He admits he feared he would never live to turn 30 due to an out-of-control lifestyle.
But on the verge of turning 60, bestselling author Irvine Welsh has agreed to spearhead a new health campaign.
The Trainspotting creator has stripped off for a new promotional drive to persuade men in their fifties to be checked for possible prostate cancer.
The Edinburgh-born novelist, who has spoken candidly about his drug addiction in his twenties, admits he is “shocked” to still be alive.
Welsh, who has agreed to spearhead a fundraising campaign for Prostate Cancer UK, concedes he is from a generation that would avoid going to the doctor – especially if it involved anything potentially embarrassing.
Now he is encouraging men of his age to openly discuss with their friends if they are displaying any symptoms, such as having difficulty passing urine or having to rush to the toilet in the night.
Welsh, who has posed wearing nothing but a pair of boxer shots commissioned by beer brand McEwan’s to raise funds for the charity, said: “This is about getting the message across that prostate cancer is very common in men, but is also treatable if it is caught early enough.
“If you have any worries at all it’s a simple blood test. We should be working towards a national prostate cancer screening programme in Scotland. It would help reduce the drain of resources of the NHS with people who have fully-fledged cancers.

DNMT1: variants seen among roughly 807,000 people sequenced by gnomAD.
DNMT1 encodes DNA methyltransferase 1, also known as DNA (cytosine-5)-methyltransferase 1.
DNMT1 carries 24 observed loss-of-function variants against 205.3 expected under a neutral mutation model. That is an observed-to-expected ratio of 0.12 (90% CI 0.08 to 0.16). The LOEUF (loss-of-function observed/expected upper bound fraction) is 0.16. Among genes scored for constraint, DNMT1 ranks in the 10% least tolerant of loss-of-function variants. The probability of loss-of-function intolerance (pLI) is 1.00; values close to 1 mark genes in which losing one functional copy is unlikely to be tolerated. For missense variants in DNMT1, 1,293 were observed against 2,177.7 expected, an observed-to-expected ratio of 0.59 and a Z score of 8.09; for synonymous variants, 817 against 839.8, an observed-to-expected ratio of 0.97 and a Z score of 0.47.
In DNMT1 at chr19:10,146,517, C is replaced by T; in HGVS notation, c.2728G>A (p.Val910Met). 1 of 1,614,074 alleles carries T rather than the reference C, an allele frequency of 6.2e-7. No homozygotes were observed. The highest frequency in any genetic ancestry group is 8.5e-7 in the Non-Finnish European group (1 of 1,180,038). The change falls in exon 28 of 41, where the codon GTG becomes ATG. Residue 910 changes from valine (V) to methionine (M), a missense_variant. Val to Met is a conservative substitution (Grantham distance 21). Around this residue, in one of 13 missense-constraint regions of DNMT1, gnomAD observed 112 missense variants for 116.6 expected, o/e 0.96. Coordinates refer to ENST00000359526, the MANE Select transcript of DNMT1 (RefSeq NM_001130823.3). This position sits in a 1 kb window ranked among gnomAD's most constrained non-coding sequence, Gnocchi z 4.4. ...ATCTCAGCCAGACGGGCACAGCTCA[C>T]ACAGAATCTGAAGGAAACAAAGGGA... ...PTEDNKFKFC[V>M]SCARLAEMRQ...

“There are a lot of things that mitigate getting checked out properly. People tend to be very private and Calvinistic about their body parts.
“The prostate gland is either shrouded in mystery or tied up with sexuality and incontinence – two things you don’t want to probe too deeply. Issues around the prostate tend to hit you when you’re in your fifties – when you can no longer pretend you are young.
“People like myself tend to deride the modern generation as lightweights – who don’t take enough drugs, they don’t drink enough, don’t have enough misadventures and are too politically correct. I think people are looking after themselves a bit more now.
“I’ve only been aware of my own mortality since I was 28. Turning 30 was the worst birthday ever. I think I was at home crying my eyes out.
“Just being here is a shock. I never thought I’d see 30. Everything since has been a bonus. I had a big rock ‘n’ roll thing going on and I thought it was my destiny to die at the age of 28.
“My lifestyle’s massively changed. I’ve always been into boxing, but I now do circuit training and recently took up pilates.”